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Time for better functioning Caricom

In addition to appointing a secretary general, the Heads of Government have to begin the upgrade, indeed transformation, of the secretariat to take on a far more involved role.
Published: 
Friday, March 18, 2011

 By all calculations, it must be time for the Heads of Government of Caricom to appoint a secretary general of the Community to lead the business of the secretariat forward. 

The appointment of a permanent SG is absolutely essential to give someone the long-term responsibility to effectively advance the agenda of the integration movement.

The heads met last month in Grenada at their intercessional, the meeting between summits, but as far as anyone is aware, they did not reflect deeply, if at all, on the appointment of a replacement for long-serving Secretary General Edwin Carrington.

The fact is that given the status of the integration movement and the lack of solid advance and achievement in the Single Market, to say nothing of the Single Economy which is still some distance from even getting off the ground, the need for permanent, forceful and inspirational leadership at the Guyana-based secretariat could not be more required.

Attending to the appointment of a secretary general will lead to another desperate consideration on the part of the heads; that is, seeking to upgrade the secretariat and by extension expand its role and functions as it services Caricom.  

Notwithstanding the many achievements of the Carrington regime over the last 18 years, inclusive of having the leaders interact with significant world leaders on issues crucial to Caricom, the failure at implementation has been a main drawback. The reality has been that leaders go to Heads of Government meetings, take decisions but there is little organisational strength to have the decisions implemented.

Two decades ago, the most distinguished integrationists proposed the creation of a European-type commission led by a commissioner as a means of countering that power or implementation vacuum that existed.  

The proposal was to have the commission look after the day-to-day implementation of decisions taken by the leaders at their HOG meetings.

Twenty years later, prime ministers such as those of Jamaica, Trinidad and Tobago, Grenada and the president of Guyana have been scathingly and openly critical of what they identify as the many failures of the integration movement.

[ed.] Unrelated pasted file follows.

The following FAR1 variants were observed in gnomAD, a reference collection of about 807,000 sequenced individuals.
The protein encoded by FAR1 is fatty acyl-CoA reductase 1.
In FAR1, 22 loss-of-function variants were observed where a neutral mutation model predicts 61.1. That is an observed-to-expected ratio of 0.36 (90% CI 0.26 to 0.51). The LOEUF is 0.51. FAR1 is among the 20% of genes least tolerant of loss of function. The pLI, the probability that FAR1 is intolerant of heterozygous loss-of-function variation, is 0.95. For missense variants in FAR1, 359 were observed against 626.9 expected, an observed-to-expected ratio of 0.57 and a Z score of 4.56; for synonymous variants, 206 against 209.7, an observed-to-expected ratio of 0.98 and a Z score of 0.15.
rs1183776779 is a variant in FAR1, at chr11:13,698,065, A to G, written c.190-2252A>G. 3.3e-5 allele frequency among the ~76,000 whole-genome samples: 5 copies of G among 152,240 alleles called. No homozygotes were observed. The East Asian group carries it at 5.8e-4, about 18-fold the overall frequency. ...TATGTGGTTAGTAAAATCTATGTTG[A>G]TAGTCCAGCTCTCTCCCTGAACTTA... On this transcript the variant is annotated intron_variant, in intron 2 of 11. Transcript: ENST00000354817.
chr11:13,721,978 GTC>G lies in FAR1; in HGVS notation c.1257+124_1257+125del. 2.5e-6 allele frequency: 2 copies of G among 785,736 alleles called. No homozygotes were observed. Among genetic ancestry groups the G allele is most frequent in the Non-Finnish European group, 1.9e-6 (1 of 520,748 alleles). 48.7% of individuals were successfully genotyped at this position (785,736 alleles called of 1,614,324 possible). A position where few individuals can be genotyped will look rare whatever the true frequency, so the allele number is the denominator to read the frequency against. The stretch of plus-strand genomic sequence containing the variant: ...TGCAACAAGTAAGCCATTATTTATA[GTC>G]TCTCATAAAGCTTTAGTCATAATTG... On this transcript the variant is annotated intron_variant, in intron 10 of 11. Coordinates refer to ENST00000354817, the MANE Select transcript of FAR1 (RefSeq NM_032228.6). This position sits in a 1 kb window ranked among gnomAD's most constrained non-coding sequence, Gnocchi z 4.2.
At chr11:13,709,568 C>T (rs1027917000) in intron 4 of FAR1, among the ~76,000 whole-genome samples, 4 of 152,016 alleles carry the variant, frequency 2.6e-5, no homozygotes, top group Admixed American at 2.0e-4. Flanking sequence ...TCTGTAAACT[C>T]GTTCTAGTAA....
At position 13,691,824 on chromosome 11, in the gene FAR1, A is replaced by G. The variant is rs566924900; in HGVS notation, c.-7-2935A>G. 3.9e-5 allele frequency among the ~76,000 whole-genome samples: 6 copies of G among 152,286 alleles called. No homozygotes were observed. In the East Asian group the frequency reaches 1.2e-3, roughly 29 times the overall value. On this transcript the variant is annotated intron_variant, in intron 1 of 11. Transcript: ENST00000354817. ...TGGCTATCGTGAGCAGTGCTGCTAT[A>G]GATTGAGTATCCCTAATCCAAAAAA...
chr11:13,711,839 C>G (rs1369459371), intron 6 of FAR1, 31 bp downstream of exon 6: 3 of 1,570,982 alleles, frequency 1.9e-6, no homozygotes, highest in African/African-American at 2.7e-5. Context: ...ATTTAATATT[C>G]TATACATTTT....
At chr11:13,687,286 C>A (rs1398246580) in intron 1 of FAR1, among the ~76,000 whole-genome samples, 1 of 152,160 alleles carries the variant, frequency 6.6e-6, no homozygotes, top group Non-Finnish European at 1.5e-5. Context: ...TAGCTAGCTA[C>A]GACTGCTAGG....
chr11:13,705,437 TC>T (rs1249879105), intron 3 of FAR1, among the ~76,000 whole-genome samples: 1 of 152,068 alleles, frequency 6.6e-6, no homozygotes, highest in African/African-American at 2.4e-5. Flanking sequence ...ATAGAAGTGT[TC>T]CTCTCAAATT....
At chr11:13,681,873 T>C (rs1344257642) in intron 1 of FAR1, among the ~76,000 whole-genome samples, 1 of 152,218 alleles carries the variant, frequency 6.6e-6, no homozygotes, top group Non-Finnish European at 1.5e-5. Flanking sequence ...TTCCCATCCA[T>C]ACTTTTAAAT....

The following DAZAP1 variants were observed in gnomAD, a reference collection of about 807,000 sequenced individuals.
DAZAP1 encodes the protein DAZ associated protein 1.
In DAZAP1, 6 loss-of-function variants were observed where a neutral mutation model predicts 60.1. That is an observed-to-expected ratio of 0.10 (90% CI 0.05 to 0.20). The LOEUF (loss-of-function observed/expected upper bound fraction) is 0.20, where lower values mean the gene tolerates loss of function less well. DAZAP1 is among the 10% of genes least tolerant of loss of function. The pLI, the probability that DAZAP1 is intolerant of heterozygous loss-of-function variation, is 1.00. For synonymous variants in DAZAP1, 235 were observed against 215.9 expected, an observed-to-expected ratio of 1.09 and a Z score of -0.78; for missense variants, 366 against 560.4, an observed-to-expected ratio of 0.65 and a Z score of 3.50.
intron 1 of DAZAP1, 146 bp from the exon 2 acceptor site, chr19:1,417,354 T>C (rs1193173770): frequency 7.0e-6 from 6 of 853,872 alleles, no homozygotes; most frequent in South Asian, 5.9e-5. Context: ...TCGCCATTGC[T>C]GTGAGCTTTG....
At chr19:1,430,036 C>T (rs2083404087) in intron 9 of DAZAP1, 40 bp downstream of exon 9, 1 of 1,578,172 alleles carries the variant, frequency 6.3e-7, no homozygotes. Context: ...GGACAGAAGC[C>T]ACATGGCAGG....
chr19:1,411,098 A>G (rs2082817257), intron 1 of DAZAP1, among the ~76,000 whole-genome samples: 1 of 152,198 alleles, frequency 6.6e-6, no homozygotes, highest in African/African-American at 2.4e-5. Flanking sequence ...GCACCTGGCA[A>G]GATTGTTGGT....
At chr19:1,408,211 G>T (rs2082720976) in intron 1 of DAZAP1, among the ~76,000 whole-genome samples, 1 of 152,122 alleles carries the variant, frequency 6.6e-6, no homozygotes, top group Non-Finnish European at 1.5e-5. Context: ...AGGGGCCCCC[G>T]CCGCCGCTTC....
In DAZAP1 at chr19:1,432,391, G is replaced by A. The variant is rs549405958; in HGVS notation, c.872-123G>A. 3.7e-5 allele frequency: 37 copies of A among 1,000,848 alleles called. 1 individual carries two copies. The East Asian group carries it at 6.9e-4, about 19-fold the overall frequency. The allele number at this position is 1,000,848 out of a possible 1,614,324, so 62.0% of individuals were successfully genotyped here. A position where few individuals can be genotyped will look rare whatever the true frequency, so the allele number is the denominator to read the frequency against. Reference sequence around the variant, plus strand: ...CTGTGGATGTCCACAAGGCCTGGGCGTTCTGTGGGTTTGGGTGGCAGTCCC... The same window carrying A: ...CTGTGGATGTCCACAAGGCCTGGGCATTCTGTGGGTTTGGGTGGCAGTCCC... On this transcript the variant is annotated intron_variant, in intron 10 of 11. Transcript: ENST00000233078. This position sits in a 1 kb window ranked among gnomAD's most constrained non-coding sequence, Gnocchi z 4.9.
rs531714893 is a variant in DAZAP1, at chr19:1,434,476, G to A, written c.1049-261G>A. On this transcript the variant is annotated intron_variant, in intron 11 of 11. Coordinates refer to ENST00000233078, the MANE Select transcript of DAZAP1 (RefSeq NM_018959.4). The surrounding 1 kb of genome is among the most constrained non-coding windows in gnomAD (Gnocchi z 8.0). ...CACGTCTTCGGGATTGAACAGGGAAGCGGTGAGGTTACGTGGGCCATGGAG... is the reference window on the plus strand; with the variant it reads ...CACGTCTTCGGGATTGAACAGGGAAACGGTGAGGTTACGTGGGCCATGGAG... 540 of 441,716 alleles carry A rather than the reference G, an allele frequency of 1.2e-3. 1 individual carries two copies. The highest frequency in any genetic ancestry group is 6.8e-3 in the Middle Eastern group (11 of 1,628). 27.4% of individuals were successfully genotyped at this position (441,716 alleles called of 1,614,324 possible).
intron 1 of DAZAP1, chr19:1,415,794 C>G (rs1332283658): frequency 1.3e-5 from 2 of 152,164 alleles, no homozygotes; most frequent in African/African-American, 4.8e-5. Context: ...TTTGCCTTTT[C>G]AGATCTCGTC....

To begin with, if the Caricom leaders back in the 1990s had swallowed their pride and accepted some minor ceding of sovereignty to the commission and the commissioner, undoubtedly the region would have been closer to achieving the major and outstanding objectives of Caricom.

Indeed, as in so many aspects of life, matters do not stay in one place if they are not advanced; they drift backwards. Free movement of people across member states continues to be contentious with countries such as Barbados taking definitive positions against Guy-anese nationals and others who they deem as persona non-gratae.

So too has there been little advance in the Single Market with the intended regionalisation of production through the harmonisation of human and physical resources to replace goods and services from abroad and to create exportable products, a hope languishing somewhere in the wind.

So in addition to appointing a secretary general, the Heads of Government have to begin the upgrade, indeed transformation, of the secretariat to take on a far more involved role. And to do so there has to be a ceding of power from the centre to the secretariat. To make the new mechanism work, governments have to be prepared to stand by and follow-through decisions taken at Heads of Government meetings.

No one can twist the power of sovereignty out of the hands of an elected government. However, such governments must be clear in their minds that being part of an integration group such as Caricom requires a sharing of sovereignty with other member states. This is a feature of the real world of block politics of the 21st century.

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